To begin with, last week, it was revealed that Israel had revoked the Jerusalem residency rights of over 4,500 Palestinians in 2008, mainly because it claimed that they had been absent from the city for more than the allowed seven years (had this happened anywhere else in the world, we would’ve called it ethnic cleansing). Then came a late November report from the EU, charging Israel with essentially illegally annexing East Jerusalem by demolishing Palestinian homes (which it does), supporting the expansion of Israeli settlers in the city (which it does) and making it virtually impossible for Palestinians to build legally on their own land (which it has). And then Sweden decided to make use of its EU presidency and show the world that Europe still had some teeth by producing a “strongly-worded” document “calling” on East Jerusalem to be the capital of a future Palestinian state. But naturally, it didn’t take long for the Europeans to realize they no longer have the power they thought they still possessed:
Israel expressed satisfaction on Tuesday that the European Union did not accept a Swedish proposal to explicitly recognize Palestinian claims to East Jerusalem as the capital of a future state. Adopting a softer formula, the unionâ€™s Foreign Affairs Council said in a statement that â€œa way must be found through negotiations to resolve the status of Jerusalem as the future capital of two states.â€ [New York Times]
Oh Europe, could you know less about the realities of Jerusalem post 1967? Let the Israelis refresh your memory…
Intensifying calls from both the European Union and the Palestinian Authority that east Jerusalem be recognized as the capital of a future Palestinian state hold little if any practical weight, according to Brig. Gen. (ret.) Shlomo Brom, a senior research associate at the Institute for National Security Studies and an expert on Israeli-Palestinian relations.
Brom told The Jerusalem Post on Tuesday that such calls, including Tuesday’s passing of a European Union resolution to recognize Jerusalem as the capital of both Israel and a future Palestinian state, were “purely political” and had few additional implications.
“The whole [idea of recognizing east Jerusalem as a Palestinian capital outside the framework of negotiations with Israel] is just political,” Brom said. “It has no other meaning except that an important part of the West, namely the Europeans, think that this is what should be done. There are no practical implications.” Additionally, Brom said, given the fact that Israeli control extends over the entirety of the city, there was little the Palestinians could do unilaterally to even lay the groundwork for such a move.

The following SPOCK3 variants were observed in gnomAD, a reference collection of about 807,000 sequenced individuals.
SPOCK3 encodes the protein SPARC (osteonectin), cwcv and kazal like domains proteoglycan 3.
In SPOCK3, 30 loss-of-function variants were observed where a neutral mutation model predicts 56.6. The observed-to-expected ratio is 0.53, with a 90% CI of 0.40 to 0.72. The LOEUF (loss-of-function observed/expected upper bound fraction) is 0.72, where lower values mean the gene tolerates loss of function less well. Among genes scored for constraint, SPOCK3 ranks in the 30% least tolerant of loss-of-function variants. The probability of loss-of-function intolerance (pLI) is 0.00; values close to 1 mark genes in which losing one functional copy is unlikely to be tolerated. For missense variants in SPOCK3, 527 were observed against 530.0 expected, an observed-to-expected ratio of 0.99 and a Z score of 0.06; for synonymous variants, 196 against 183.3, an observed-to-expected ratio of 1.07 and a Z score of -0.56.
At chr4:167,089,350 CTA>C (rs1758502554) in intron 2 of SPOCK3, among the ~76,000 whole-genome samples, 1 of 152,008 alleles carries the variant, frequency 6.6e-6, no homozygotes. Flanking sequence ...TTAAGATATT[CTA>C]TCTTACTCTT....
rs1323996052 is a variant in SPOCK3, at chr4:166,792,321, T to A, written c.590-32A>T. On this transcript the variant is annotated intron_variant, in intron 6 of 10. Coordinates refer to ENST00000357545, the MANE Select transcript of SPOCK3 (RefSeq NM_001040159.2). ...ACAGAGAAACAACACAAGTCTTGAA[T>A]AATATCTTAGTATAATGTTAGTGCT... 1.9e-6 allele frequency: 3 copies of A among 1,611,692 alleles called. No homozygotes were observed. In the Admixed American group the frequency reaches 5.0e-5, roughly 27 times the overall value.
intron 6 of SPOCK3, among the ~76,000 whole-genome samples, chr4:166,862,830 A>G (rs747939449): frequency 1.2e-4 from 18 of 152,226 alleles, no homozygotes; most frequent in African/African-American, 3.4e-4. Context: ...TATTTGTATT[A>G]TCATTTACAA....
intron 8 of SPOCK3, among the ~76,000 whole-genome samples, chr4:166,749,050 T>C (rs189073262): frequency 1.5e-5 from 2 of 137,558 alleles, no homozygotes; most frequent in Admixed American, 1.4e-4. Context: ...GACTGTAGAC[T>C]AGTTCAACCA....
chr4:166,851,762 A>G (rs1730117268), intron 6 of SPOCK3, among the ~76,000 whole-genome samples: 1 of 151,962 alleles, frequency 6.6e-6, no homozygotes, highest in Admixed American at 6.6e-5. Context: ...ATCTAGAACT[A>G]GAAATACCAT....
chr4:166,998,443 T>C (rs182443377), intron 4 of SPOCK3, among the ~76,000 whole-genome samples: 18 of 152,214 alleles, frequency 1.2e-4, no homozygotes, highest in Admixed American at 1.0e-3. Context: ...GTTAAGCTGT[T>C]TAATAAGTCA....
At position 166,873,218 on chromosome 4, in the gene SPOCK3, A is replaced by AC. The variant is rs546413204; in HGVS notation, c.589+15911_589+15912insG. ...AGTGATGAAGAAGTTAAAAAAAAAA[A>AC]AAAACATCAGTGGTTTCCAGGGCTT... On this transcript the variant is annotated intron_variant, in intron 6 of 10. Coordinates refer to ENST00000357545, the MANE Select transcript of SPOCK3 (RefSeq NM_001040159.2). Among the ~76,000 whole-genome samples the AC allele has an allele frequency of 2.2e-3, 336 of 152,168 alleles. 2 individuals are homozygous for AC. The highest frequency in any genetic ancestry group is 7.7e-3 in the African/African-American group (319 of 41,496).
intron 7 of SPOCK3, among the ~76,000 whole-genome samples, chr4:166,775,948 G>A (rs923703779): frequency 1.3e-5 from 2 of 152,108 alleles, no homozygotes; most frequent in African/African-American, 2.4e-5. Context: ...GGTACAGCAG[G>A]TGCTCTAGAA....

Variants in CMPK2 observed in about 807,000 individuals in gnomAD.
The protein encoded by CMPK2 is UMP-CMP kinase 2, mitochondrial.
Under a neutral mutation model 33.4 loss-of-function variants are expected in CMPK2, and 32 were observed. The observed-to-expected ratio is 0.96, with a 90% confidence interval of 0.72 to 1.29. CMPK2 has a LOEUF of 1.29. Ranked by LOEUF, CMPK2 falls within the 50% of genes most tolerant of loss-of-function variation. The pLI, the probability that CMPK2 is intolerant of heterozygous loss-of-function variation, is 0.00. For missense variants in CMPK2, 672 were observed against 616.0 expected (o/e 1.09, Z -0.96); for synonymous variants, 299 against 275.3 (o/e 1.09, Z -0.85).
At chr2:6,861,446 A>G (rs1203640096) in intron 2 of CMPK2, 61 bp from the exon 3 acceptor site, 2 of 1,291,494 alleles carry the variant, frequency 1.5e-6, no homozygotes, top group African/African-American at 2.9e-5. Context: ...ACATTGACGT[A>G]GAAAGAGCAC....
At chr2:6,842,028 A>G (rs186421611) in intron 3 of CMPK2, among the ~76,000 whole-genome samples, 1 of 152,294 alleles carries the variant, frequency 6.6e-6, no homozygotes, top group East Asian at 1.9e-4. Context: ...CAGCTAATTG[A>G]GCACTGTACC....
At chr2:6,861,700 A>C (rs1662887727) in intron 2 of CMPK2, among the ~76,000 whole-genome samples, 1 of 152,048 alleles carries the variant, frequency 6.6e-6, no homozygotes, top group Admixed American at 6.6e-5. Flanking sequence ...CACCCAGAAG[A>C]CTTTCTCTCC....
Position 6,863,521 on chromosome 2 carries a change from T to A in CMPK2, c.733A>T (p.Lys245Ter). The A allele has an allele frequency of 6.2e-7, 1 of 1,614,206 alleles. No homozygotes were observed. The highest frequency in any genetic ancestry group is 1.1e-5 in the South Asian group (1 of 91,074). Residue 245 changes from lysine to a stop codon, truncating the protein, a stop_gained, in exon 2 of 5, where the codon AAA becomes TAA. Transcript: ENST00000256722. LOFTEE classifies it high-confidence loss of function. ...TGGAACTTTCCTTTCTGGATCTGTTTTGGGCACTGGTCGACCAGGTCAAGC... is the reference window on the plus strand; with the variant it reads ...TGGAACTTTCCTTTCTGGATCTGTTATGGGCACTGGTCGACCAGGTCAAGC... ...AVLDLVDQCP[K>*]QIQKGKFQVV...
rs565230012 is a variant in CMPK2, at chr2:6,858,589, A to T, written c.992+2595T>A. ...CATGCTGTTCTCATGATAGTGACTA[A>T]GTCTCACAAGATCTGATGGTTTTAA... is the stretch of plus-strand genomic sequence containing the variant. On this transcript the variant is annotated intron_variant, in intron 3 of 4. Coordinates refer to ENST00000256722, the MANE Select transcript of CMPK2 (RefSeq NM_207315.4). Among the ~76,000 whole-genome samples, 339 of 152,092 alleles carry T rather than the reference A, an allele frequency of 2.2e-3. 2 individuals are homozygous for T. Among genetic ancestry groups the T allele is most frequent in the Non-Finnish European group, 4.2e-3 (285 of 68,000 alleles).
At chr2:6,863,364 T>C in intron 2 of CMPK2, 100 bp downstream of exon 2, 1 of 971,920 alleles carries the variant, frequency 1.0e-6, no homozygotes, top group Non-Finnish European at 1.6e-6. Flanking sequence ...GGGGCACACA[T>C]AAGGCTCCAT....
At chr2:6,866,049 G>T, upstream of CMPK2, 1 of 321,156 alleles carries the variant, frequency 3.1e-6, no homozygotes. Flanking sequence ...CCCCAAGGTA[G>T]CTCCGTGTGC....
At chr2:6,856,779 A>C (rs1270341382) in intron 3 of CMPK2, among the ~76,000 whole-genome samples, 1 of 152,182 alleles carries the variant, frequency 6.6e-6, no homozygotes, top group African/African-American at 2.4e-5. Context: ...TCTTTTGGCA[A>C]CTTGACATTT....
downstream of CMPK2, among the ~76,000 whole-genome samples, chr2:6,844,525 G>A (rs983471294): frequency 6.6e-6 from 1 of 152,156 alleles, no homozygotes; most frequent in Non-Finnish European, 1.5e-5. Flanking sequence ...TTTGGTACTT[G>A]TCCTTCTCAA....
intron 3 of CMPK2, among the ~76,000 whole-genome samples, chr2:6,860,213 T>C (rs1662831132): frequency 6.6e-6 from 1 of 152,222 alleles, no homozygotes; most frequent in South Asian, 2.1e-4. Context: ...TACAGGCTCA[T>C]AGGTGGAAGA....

“I don’t see how a unilateral declaration of a Palestinian state [and therefore Palestinian control over east Jerusalem] is physically possible,” Brom said. “In fact, it’s impossible. Israel controls all of Jerusalem, so [the Palestinians] can’t really do anything on their own to move closer to that.” [JPost]
But forget about Jerusalem, there’s a bigger problem to deal with.
In reference to the original Swedish draft…
Israel was also incensed that the statement, for the first time, referred to the Palestinian Authority as “Palestine,” and that it did not give Prime Minister Binyamin Netanyahu even the slightest pat on the back for his declaration of a moratorium on housing starts in the settlements.
…The final draft replaces “Palestine” with “the Palestinian Authority,” something of no little significance in Israeli eyes. [JPost]
Oh, and then there’s this charmer on the settlement “freezes”…
…regarding the moratorium, what the Swedes proposed was a paragraph that would read only that “The Council takes note of the recent decision of the government of Israel on a partial and temporary settlement freeze and expressed the hope that it will become a step towards resuming meaningful negotiations.”
This was replaced by a clause which has a much more positive ring to it: “Encouraging further concrete confidence-building measures, the Council takes positive note of the recent decision of the Government of Israel on a partial and temporary settlement freeze as a first step in the right direction and hopes that it will contribute towards a resumption of meaningful negotiations.”[JPost]
So. No Jerusalem. No East Jerusalem. Hardly much of the West Bank with all those checkpoints and walls. No Jordan Valley. And Gaza, well, the Israelis saw to that too.
What’s left to negotiate?
Of course the Jordanian government’s take on all this was the conventional disgustingly congratulatory tone. Perhaps the only thing worse than the EU’s apparent lack of teeth is Jordan’s consistently toothless posturing. To say nothing of the rest of the Arab world.
I don’t even know what to call an injustice that just keeps growing and growing to unprecedented heights.
There’s really no word for it.